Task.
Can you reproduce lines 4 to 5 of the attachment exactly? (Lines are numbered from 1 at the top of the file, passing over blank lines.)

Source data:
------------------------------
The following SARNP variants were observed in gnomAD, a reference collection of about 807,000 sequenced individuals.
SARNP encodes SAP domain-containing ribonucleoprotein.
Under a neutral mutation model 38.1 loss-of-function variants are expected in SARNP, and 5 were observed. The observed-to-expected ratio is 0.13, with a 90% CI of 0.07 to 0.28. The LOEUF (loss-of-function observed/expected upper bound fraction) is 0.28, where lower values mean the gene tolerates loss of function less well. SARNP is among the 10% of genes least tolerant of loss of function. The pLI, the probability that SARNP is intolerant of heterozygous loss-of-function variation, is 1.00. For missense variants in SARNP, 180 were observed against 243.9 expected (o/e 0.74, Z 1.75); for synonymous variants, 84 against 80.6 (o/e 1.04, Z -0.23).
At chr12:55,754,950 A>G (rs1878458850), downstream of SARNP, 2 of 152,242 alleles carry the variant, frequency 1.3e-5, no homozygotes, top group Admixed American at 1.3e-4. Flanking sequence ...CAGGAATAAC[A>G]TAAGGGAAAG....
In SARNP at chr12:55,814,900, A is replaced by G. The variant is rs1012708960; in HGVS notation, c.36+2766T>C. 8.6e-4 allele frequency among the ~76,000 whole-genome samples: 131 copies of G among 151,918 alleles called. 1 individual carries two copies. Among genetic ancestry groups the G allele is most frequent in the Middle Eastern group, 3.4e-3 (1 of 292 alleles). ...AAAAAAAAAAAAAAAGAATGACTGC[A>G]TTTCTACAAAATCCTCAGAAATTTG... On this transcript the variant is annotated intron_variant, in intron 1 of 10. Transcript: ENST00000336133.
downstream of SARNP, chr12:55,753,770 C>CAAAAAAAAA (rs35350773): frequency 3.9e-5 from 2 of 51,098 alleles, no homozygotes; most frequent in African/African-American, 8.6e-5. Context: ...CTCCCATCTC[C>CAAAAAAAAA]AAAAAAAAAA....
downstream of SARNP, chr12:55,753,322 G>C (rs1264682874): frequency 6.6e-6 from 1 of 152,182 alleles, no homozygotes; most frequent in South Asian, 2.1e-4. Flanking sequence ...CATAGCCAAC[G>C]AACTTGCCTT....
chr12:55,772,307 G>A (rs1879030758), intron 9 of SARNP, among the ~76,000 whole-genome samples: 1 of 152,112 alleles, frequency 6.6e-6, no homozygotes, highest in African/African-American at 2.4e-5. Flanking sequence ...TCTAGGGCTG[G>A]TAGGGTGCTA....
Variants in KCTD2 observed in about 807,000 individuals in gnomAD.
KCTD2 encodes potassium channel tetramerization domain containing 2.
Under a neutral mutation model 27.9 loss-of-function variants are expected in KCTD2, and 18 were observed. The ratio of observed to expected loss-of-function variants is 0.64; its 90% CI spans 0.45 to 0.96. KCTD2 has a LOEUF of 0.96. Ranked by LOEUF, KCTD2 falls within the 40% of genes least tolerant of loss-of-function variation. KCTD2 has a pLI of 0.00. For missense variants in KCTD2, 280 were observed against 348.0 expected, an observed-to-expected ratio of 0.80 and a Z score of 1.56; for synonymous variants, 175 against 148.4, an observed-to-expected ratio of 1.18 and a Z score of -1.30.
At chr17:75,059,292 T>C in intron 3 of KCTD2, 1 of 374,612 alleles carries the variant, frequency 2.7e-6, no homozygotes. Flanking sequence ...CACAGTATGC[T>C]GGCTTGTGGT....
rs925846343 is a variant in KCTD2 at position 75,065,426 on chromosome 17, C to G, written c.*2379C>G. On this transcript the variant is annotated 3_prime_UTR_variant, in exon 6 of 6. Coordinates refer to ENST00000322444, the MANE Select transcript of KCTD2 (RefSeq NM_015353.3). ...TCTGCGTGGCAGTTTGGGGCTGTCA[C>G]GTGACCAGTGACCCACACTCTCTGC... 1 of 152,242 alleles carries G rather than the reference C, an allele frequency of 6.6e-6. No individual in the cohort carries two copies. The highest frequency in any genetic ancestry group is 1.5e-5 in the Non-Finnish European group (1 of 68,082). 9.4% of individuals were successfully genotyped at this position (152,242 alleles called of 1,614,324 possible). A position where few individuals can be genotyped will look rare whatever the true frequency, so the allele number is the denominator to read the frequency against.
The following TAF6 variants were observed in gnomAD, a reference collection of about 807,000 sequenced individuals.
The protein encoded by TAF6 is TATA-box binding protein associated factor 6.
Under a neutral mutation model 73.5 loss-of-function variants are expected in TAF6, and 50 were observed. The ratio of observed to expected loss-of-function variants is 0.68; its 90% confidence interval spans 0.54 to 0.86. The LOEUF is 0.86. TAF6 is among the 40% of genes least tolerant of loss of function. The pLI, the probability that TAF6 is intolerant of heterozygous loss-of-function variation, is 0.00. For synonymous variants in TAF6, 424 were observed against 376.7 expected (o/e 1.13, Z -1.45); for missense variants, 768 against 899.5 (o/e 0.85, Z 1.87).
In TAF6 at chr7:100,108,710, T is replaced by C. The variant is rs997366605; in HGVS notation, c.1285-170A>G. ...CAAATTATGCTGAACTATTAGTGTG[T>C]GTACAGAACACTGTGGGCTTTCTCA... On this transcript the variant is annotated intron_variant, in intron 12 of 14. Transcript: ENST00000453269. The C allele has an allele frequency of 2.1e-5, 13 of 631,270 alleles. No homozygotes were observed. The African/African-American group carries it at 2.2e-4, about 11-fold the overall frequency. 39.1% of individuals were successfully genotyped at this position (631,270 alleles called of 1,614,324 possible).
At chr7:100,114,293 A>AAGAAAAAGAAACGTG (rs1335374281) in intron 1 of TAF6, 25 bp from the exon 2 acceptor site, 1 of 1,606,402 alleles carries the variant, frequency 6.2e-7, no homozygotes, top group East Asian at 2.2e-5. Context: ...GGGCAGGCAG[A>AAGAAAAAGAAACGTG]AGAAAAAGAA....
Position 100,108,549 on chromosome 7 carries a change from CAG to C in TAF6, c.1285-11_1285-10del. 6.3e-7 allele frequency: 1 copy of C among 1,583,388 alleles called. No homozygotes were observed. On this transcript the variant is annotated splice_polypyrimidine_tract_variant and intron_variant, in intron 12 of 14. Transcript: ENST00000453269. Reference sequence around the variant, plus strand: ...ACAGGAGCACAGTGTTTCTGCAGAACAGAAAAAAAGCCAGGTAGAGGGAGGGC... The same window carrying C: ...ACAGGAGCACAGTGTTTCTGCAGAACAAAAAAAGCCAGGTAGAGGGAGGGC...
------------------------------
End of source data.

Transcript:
At chr12:55,754,950 A>G (rs1878458850), downstream of SARNP, 2 of 152,242 alleles carry the variant, frequency 1.3e-5, no homozygotes, top group Admixed American at 1.3e-4. Flanking sequence ...CAGGAATAAC[A>G]TAAGGGAAAG....
In SARNP at chr12:55,814,900, A is replaced by G. The variant is rs1012708960; in HGVS notation, c.36+2766T>C. 8.6e-4 allele frequency among the ~76,000 whole-genome samples: 131 copies of G among 151,918 alleles called. 1 individual carries two copies. Among genetic ancestry groups the G allele is most frequent in the Middle Eastern group, 3.4e-3 (1 of 292 alleles). ...AAAAAAAAAAAAAAAGAATGACTGC[A>G]TTTCTACAAAATCCTCAGAAATTTG... On this transcript the variant is annotated intron_variant, in intron 1 of 10. Transcript: ENST00000336133.